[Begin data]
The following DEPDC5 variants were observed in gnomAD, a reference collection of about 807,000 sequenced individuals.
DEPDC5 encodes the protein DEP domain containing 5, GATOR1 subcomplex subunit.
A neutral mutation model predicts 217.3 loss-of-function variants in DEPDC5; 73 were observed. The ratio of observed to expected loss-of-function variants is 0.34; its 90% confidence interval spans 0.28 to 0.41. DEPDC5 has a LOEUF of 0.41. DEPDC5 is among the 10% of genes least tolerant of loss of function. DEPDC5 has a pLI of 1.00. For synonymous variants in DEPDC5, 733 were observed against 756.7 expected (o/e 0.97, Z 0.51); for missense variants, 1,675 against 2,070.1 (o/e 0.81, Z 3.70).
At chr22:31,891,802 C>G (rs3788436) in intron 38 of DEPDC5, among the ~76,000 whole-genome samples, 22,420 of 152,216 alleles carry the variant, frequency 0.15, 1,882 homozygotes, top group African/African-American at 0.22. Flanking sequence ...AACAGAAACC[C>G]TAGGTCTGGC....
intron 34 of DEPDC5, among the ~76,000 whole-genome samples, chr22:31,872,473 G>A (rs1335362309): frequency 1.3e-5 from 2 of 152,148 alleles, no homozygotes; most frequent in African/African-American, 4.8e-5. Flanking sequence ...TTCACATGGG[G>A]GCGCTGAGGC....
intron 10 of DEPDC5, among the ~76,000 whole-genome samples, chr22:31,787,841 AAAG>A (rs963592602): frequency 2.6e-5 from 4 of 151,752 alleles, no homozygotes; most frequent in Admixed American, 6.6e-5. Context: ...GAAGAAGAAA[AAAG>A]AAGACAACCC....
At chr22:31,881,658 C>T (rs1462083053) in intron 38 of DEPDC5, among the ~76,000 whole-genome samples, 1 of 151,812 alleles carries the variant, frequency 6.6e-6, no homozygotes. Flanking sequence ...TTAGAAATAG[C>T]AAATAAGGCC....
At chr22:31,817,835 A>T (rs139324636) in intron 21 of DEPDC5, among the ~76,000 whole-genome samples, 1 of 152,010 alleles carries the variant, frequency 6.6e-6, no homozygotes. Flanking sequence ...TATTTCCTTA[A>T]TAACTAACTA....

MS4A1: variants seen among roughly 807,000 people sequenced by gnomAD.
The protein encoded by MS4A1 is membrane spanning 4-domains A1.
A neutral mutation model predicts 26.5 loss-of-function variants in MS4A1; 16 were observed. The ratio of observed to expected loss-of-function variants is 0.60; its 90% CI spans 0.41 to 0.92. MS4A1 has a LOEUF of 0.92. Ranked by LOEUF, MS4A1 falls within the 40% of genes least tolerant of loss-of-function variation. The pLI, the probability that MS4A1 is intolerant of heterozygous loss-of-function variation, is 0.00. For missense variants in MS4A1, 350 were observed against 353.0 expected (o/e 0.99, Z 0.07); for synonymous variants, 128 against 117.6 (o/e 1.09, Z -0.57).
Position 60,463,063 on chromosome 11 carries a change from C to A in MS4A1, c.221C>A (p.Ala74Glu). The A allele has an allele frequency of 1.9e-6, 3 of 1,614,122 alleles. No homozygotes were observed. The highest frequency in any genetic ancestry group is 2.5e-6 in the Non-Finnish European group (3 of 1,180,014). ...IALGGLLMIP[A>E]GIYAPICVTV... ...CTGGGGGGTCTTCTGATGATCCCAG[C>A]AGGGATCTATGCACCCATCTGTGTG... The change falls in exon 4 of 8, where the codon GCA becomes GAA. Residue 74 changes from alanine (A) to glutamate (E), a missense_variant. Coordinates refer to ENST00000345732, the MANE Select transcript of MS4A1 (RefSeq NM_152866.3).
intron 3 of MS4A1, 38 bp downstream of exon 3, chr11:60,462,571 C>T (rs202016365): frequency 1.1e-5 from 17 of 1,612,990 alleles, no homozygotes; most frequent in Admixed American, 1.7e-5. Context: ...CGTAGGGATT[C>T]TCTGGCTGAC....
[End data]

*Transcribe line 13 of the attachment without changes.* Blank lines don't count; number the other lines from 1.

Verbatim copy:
intron 3 of MS4A1, 38 bp downstream of exon 3, chr11:60,462,571 C>T (rs202016365): frequency 1.1e-5 from 17 of 1,612,990 alleles, no homozygotes; most frequent in Admixed American, 1.7e-5. Context: ...CGTAGGGATT[C>T]TCTGGCTGAC....